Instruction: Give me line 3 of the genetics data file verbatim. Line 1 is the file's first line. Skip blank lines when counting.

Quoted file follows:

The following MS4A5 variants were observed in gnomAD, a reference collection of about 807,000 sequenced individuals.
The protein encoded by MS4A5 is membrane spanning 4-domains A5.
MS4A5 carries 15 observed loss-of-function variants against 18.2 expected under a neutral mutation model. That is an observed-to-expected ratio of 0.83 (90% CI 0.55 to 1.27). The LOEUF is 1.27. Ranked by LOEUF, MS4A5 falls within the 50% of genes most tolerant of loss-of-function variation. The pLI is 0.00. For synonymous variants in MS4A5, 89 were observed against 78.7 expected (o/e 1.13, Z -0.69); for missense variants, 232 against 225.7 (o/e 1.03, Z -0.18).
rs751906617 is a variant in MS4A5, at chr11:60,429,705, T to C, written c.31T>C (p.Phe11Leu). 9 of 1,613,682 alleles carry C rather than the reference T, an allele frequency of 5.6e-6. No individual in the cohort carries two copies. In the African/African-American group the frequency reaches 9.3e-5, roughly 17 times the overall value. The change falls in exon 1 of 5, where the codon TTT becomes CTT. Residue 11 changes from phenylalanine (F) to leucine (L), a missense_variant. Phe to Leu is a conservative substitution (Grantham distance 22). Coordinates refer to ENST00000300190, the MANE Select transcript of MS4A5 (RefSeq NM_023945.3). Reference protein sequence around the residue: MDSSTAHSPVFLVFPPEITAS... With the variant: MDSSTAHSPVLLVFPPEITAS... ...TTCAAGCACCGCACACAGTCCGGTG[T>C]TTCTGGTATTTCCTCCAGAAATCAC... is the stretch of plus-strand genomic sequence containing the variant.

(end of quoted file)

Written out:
MS4A5 carries 15 observed loss-of-function variants against 18.2 expected under a neutral mutation model. That is an observed-to-expected ratio of 0.83 (90% CI 0.55 to 1.27). The LOEUF is 1.27. Ranked by LOEUF, MS4A5 falls within the 50% of genes most tolerant of loss-of-function variation. The pLI is 0.00. For synonymous variants in MS4A5, 89 were observed against 78.7 expected (o/e 1.13, Z -0.69); for missense variants, 232 against 225.7 (o/e 1.03, Z -0.18).